By Ronald V. Rockwell
Paperback with 504 pages, 6 x 9, 34 b/w photos, 10 map(s), index, appendix,
Rockwell offers a detailed and carefully researched exploration of the state s military history, from the arrival of Lewis and Clark in 1805 through the “conclusion of major army campaigns against Native Americans in Montana Territory by the year 1883.
Rockwell uses personal accounts, published reports, letters, telegrams, and military records filed at the National Archives in Washington, D.C., to tell tales of war from both sides of the struggle.
In this thoroughly documented, well-sourced history, Rockwell offers insights on numerous military subjects not frequently discussed in present-day publications, such as evaluations of the weaponry employed and the logistical and communication problems experienced by soldiers.
This unique and valuable history of the U.S. Army in early Montana includes early explorations and surveys; efforts to secure the Bozeman Trail; the establishment of Fort Shaw, Fort Ellis, and the stationing of troops at Fort Benton (1867); and the subsequent establishment of Camp Baker (1870) and Fort Missoula (1877). The book also details life at the posts.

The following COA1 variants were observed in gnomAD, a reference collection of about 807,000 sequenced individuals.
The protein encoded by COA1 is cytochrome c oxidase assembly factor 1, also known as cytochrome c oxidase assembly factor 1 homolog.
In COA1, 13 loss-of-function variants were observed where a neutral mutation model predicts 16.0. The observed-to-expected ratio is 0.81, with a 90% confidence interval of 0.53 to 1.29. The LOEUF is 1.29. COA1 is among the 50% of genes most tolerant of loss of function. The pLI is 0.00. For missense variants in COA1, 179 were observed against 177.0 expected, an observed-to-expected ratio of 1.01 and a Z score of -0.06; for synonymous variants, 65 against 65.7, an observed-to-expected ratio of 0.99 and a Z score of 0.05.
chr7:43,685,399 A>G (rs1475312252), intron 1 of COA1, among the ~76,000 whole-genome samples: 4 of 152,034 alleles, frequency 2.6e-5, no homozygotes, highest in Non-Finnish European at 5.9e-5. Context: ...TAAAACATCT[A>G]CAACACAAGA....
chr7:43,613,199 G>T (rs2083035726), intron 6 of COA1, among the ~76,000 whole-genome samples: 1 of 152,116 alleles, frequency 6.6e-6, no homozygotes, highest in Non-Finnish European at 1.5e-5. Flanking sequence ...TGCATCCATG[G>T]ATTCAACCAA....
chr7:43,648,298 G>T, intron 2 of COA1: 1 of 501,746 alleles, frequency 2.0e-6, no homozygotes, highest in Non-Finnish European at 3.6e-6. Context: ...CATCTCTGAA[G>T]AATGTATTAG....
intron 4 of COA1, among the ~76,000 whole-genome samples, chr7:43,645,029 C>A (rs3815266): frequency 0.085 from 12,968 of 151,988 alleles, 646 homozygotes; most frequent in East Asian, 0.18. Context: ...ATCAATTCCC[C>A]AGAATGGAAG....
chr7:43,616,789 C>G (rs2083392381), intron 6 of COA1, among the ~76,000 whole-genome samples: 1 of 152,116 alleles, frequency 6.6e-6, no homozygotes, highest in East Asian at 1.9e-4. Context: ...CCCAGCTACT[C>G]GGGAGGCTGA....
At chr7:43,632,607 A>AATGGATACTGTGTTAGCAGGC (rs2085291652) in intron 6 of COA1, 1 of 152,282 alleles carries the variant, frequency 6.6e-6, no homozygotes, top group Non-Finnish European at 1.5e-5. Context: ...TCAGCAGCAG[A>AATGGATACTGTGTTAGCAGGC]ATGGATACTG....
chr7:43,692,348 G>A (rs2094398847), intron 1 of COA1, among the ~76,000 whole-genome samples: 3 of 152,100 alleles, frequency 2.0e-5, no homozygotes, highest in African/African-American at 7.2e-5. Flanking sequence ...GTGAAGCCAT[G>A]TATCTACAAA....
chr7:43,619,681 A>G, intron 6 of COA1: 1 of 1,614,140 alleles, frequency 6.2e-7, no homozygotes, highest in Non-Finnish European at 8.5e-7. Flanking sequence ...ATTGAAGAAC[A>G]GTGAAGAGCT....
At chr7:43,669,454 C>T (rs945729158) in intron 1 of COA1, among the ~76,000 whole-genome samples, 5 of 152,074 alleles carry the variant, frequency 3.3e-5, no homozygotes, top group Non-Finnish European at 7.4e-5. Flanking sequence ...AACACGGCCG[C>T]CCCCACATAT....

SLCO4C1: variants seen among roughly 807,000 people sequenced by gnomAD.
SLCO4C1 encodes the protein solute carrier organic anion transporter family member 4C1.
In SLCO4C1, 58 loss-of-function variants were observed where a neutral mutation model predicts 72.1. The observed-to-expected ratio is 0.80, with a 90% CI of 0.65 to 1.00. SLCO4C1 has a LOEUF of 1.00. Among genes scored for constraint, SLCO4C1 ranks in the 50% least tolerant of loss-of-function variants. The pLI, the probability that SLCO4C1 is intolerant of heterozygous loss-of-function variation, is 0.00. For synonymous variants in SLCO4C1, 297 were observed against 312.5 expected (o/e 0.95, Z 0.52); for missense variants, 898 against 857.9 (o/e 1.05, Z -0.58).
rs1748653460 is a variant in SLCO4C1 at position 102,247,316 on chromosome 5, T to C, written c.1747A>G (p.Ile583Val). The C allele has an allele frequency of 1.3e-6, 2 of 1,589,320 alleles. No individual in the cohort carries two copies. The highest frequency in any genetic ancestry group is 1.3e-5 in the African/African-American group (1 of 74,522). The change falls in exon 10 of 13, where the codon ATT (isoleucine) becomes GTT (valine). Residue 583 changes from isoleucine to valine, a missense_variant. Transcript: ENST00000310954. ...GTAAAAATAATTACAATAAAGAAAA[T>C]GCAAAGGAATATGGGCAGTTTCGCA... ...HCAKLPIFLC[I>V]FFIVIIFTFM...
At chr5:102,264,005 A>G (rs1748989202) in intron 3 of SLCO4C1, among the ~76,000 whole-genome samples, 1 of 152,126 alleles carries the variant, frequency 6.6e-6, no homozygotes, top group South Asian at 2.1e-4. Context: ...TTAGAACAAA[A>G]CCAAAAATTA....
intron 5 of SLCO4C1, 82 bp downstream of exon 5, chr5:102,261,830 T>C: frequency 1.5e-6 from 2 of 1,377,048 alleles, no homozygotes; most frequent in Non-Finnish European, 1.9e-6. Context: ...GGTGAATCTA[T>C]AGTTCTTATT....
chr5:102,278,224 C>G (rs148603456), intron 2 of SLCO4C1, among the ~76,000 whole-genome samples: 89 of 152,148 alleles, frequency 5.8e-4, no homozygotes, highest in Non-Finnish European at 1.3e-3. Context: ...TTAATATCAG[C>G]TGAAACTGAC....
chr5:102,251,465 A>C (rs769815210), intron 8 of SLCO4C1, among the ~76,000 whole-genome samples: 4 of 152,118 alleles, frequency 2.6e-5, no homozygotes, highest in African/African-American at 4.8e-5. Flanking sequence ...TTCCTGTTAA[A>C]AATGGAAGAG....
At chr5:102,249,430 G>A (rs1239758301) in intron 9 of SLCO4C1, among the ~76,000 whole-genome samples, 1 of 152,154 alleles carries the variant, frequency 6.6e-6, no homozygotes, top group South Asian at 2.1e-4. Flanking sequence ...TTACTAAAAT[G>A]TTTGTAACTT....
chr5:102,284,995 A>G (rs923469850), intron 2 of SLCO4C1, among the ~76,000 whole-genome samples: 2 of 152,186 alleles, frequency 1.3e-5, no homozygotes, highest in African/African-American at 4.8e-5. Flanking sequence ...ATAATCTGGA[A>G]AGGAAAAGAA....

A thorough description (including the rationale and consequences) of the Piegan (1870), Sioux Northern Cheyenne (1876 1881), and Nez Perce (1877) campaigns is also featured.
In addition, the book includes a description of the fur trade era in early Montana, a time when such men as Jim Bridger, Mitch Boyer, Frank Grouard, and others came to know the Native American and develop their skills as future U.S. Army scouts.